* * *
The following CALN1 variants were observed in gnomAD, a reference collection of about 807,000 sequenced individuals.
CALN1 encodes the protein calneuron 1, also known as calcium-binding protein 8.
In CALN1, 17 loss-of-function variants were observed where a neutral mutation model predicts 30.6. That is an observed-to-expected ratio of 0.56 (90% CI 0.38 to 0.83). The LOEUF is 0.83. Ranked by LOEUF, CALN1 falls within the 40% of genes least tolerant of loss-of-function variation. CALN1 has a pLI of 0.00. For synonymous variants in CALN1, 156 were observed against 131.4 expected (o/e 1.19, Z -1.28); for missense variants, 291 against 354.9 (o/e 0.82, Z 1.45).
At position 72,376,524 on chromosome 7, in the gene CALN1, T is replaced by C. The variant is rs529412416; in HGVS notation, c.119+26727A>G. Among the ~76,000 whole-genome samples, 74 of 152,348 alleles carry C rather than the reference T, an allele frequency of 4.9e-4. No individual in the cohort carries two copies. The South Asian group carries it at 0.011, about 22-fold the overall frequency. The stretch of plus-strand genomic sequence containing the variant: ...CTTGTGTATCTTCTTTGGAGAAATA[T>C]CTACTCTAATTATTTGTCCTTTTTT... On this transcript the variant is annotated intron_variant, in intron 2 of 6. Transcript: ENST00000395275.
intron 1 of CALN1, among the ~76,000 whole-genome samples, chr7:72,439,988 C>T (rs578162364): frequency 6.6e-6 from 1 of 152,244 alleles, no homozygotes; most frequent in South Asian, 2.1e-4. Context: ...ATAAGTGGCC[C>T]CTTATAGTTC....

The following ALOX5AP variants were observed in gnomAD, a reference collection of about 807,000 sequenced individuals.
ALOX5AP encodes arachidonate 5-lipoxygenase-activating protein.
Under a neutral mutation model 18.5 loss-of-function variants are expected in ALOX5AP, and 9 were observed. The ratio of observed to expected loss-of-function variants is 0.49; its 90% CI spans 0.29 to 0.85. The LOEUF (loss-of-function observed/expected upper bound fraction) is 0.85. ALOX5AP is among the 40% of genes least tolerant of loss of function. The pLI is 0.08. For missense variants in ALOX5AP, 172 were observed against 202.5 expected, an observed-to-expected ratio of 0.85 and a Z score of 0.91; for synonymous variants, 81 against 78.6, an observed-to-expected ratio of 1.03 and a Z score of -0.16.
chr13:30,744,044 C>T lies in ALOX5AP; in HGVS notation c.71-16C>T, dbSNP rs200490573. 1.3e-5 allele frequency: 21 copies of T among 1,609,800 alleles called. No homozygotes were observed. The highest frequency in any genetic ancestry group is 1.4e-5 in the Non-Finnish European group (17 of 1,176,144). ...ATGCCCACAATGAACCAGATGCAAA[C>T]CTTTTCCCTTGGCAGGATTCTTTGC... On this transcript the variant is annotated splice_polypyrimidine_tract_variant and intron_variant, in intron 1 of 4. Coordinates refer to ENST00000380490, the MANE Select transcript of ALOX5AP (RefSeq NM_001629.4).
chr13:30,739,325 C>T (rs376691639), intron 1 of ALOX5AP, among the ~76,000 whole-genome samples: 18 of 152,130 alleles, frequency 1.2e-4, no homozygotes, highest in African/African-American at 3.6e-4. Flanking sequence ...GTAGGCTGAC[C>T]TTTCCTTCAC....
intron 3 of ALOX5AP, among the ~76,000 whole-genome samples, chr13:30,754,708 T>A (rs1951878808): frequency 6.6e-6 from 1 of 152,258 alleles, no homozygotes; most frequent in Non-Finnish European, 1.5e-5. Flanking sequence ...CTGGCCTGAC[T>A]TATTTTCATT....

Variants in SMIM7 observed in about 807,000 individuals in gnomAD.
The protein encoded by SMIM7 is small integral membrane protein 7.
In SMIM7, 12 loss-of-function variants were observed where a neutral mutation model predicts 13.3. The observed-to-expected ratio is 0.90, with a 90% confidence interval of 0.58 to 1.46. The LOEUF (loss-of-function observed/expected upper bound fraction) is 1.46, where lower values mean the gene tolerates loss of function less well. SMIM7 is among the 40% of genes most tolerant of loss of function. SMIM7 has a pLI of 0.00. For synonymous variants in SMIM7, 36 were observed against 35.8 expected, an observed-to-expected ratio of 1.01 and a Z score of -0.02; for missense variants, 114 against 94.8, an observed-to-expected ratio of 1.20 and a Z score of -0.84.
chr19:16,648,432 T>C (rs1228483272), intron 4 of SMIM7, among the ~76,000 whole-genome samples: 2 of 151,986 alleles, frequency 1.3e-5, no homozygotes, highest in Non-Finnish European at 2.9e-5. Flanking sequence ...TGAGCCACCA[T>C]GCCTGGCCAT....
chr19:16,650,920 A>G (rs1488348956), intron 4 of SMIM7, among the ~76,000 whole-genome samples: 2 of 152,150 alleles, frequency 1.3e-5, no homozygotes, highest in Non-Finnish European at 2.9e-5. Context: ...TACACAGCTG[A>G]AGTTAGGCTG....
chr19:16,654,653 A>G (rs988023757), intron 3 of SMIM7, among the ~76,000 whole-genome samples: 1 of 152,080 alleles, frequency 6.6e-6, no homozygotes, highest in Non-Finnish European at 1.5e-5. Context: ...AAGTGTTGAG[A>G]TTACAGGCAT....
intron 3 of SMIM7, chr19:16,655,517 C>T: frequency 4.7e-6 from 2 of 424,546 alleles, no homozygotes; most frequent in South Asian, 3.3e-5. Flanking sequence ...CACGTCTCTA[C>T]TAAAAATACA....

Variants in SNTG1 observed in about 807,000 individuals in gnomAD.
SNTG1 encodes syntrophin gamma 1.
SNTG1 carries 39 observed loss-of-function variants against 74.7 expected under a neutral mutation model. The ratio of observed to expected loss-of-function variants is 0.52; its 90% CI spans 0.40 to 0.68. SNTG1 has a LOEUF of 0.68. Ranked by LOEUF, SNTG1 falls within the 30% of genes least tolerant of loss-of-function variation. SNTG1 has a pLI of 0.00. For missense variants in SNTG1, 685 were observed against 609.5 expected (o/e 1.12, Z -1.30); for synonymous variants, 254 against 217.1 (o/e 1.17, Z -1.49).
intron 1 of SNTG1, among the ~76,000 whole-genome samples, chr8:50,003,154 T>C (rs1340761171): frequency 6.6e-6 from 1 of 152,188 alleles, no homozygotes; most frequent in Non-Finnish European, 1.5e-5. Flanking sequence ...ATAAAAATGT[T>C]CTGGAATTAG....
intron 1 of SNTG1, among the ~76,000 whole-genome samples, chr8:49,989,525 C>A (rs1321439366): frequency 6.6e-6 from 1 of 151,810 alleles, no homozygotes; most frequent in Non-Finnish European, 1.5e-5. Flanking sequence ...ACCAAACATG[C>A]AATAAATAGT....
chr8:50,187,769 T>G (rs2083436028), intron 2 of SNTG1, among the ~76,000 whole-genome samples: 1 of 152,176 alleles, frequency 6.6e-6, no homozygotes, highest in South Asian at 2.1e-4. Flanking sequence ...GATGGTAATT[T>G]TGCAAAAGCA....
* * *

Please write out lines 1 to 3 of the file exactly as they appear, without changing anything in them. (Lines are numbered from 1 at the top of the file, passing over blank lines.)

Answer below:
The following CALN1 variants were observed in gnomAD, a reference collection of about 807,000 sequenced individuals.
CALN1 encodes the protein calneuron 1, also known as calcium-binding protein 8.
In CALN1, 17 loss-of-function variants were observed where a neutral mutation model predicts 30.6. That is an observed-to-expected ratio of 0.56 (90% CI 0.38 to 0.83). The LOEUF is 0.83. Ranked by LOEUF, CALN1 falls within the 40% of genes least tolerant of loss-of-function variation. CALN1 has a pLI of 0.00. For synonymous variants in CALN1, 156 were observed against 131.4 expected (o/e 1.19, Z -1.28); for missense variants, 291 against 354.9 (o/e 0.82, Z 1.45).